intestinal bacteria

07/11/2013 - 06:55

Changes in intestinal bacteria may help explain why successfully treated HIV patients nonetheless experience life-shortening chronic diseases earlier than those who are uninfected, according to a new study led by UC San Francisco.

 

12/11/2012 - 19:22

Unique viruses called bacteriophages may play an important role in competition among bacterial strains, influencing the overall ecosystem of the human intestine, scientists at The University of Texas at Arlington and UT Southwestern Medical Center say.

01/16/2012 - 17:36

The underlying reason autism is often associated with gastrointestinal problems is an unknown, but new results to be published in the online journal mBio on January 10 reveal that the guts of autistic children differ from other children in at least one important way: many children with autism harbor a type of bacteria in their guts that non-autistic children do not. The study was conducted by Brent Williams and colleagues at the Mailman School of Public Health at Columbia University.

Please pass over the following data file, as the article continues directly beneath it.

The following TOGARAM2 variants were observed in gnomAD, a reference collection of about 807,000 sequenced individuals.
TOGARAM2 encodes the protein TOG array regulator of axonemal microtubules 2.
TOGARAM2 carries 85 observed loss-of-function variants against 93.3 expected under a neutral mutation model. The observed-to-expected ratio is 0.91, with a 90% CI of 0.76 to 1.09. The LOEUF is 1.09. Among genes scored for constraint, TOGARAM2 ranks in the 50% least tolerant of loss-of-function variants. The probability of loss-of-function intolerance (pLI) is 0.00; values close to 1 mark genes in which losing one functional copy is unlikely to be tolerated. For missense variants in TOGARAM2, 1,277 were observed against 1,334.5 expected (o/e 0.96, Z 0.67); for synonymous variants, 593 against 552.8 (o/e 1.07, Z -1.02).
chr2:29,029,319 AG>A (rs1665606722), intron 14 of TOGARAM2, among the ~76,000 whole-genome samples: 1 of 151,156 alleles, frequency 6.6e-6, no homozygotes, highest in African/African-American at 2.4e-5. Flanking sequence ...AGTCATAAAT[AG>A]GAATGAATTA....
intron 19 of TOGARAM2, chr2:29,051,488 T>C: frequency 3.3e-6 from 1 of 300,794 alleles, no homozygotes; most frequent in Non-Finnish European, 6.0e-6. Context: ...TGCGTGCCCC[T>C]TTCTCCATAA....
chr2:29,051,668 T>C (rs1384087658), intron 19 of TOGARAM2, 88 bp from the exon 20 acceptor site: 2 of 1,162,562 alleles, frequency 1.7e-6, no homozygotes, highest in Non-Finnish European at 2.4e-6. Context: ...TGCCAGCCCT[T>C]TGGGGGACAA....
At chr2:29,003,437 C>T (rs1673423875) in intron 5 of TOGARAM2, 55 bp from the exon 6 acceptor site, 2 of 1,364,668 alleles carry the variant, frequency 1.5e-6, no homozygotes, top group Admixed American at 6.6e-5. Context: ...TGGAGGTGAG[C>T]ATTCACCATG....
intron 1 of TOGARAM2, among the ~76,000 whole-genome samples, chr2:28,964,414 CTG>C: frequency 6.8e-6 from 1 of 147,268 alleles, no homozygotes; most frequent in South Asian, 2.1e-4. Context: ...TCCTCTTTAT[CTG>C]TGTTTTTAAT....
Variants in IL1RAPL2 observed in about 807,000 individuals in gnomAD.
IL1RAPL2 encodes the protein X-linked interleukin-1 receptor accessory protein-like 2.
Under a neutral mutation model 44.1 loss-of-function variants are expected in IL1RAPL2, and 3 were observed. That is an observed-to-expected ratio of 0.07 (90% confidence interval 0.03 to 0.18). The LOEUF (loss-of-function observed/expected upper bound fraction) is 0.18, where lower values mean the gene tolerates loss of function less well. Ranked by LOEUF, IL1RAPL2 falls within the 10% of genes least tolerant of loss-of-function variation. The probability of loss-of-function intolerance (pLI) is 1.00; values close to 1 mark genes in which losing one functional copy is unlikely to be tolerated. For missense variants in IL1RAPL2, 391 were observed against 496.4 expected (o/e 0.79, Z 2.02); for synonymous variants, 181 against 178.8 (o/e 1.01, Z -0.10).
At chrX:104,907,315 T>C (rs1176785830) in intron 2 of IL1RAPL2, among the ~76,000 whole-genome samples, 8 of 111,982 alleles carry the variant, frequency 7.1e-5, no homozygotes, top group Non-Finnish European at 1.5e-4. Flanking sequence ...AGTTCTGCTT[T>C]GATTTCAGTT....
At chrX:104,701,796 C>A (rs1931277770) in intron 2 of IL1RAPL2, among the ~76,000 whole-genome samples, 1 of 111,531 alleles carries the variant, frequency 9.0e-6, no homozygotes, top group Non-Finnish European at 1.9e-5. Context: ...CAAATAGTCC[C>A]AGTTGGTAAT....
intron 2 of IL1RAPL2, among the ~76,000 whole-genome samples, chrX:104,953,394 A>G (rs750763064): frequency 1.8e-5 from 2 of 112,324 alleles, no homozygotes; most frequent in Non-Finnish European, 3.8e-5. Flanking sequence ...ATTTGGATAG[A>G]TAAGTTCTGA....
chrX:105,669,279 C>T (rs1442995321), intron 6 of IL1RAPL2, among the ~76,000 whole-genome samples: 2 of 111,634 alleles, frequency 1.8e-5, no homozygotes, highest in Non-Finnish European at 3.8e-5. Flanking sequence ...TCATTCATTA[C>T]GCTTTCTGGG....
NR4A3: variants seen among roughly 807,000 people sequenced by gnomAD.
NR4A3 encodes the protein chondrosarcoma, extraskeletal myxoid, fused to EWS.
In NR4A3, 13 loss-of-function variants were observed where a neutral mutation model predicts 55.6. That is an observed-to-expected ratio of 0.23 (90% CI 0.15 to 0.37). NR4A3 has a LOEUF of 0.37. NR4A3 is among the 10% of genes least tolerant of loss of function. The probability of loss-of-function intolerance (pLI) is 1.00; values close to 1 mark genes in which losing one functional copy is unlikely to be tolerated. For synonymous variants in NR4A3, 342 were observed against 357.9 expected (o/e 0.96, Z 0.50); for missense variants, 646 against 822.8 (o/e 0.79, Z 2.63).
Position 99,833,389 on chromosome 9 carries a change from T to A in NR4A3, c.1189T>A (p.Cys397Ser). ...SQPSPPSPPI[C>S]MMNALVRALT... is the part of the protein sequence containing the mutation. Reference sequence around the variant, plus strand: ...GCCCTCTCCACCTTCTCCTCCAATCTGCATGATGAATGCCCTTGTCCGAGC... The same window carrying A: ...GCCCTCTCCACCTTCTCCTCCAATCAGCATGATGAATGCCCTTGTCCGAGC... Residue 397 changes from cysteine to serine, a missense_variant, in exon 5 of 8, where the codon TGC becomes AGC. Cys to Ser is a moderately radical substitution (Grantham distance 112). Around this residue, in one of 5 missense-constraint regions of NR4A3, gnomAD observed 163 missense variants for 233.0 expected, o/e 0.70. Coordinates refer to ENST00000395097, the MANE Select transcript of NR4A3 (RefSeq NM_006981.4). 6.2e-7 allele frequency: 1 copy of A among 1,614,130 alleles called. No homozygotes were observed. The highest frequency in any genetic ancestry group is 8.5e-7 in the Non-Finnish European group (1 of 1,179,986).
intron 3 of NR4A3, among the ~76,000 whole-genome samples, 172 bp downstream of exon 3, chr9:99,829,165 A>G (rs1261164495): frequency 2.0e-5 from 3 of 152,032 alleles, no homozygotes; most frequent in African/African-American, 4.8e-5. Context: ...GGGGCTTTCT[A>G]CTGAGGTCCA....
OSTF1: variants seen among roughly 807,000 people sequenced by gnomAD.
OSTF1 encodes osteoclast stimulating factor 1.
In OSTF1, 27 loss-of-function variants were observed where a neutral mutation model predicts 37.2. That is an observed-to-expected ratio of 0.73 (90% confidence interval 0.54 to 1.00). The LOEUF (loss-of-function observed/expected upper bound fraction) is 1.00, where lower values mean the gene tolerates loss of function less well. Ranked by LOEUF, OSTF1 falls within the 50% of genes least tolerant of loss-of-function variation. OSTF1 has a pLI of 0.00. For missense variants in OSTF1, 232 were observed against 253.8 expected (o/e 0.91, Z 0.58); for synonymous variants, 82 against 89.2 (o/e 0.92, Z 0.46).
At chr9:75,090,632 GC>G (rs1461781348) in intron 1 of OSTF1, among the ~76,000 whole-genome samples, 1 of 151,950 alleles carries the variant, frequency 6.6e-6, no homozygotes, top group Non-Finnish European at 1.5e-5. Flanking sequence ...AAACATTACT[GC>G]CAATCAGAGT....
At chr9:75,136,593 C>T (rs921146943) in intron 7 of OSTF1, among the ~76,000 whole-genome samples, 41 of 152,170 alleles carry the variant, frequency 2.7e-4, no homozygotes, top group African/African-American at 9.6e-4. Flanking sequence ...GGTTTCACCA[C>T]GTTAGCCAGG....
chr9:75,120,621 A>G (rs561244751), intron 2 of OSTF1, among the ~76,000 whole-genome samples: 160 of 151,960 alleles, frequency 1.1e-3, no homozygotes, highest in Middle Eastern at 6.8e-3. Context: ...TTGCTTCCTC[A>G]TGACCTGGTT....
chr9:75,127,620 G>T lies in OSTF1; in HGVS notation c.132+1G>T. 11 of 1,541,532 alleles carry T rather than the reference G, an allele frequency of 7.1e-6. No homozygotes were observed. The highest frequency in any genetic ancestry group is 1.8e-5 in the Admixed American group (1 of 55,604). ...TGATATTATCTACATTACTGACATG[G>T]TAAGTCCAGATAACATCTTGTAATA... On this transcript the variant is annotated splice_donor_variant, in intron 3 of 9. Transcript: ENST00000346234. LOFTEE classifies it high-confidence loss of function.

10/27/2011 - 11:28

Multiple sclerosis is caused by a combination of genetic and environmental factors. For a long time, pathogens were believed to be such external influences. According to scientists from the Max Planck Institute of Neurobiology in Martinsried, however, it is apparently not  harmful bacteria that trigger multiple sclerosis, but beneficial ones – specifically, the natural intestinal flora, which every human being needs for digestion.